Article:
C.N. Douglas, comp. Forty Thousand Quotations: Prose and Poetical. 1917.


Complaisance renders a superior amiable, an equal agreeable, and an inferior acceptable.


Complacency is a coin by the aid of which all the world can, for want of essential means, pay his club-bill in society. It is necessary, finally, that it may lose nothing of its merits, to associate judgment and prudence with it.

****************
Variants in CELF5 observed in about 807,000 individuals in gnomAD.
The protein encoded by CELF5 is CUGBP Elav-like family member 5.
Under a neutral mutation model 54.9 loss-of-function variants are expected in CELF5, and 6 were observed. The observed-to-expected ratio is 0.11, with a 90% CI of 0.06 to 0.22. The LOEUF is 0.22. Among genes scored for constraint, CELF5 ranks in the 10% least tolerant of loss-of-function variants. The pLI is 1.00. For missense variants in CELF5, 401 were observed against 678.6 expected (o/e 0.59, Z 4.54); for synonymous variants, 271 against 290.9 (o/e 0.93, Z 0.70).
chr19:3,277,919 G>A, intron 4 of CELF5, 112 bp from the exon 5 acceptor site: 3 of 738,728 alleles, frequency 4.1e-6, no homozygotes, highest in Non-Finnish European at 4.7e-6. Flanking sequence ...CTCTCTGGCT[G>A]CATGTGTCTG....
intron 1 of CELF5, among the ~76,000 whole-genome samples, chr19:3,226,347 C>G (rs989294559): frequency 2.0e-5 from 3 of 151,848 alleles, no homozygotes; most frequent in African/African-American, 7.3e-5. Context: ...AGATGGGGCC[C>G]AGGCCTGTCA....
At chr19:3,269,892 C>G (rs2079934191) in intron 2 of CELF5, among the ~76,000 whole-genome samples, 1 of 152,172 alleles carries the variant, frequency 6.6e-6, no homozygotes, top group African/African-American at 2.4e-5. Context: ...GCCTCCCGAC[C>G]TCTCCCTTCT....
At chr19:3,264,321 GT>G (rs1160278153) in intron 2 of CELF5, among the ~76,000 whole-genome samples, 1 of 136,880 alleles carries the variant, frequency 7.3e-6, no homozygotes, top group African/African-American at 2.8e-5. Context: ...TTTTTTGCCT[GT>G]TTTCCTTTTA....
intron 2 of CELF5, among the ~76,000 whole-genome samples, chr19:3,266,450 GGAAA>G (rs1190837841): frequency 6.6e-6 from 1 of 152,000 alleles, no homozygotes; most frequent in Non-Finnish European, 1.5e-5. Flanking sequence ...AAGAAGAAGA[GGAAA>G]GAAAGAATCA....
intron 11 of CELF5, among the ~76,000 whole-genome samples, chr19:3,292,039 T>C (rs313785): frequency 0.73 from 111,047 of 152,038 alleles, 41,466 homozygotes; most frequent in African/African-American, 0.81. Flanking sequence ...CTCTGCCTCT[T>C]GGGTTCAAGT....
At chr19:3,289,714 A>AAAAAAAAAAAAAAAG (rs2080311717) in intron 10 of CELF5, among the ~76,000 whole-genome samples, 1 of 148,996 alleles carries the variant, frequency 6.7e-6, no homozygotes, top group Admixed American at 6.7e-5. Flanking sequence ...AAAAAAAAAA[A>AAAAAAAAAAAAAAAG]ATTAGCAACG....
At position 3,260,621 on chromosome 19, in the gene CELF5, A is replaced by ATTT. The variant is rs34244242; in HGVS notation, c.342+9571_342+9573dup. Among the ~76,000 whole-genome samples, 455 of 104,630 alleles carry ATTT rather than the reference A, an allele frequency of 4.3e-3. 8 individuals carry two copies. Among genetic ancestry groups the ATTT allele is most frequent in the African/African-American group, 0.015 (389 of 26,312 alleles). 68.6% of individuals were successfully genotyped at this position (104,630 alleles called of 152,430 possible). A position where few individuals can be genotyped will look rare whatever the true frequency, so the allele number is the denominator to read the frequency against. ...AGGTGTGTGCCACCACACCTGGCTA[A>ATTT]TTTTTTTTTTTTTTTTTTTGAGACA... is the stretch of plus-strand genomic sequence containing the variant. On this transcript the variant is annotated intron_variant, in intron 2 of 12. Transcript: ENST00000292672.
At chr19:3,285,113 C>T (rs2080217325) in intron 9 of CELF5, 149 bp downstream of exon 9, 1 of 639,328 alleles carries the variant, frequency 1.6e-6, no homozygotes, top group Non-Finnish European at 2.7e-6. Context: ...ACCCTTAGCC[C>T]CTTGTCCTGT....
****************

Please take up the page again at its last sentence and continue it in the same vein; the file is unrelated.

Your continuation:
Complaisance, though in itself it be scarce reckoned in the number of moral virtues, is that which gives a lustre to every talent a man can be possessed of. It was Plato’s advice to an unpolished writer that he should sacrifice to the graces. In the same manner I would advise every man of learning, who would not appear in the world a mere scholar or philosopher, to make himself master of the social virtue which I have here mentioned.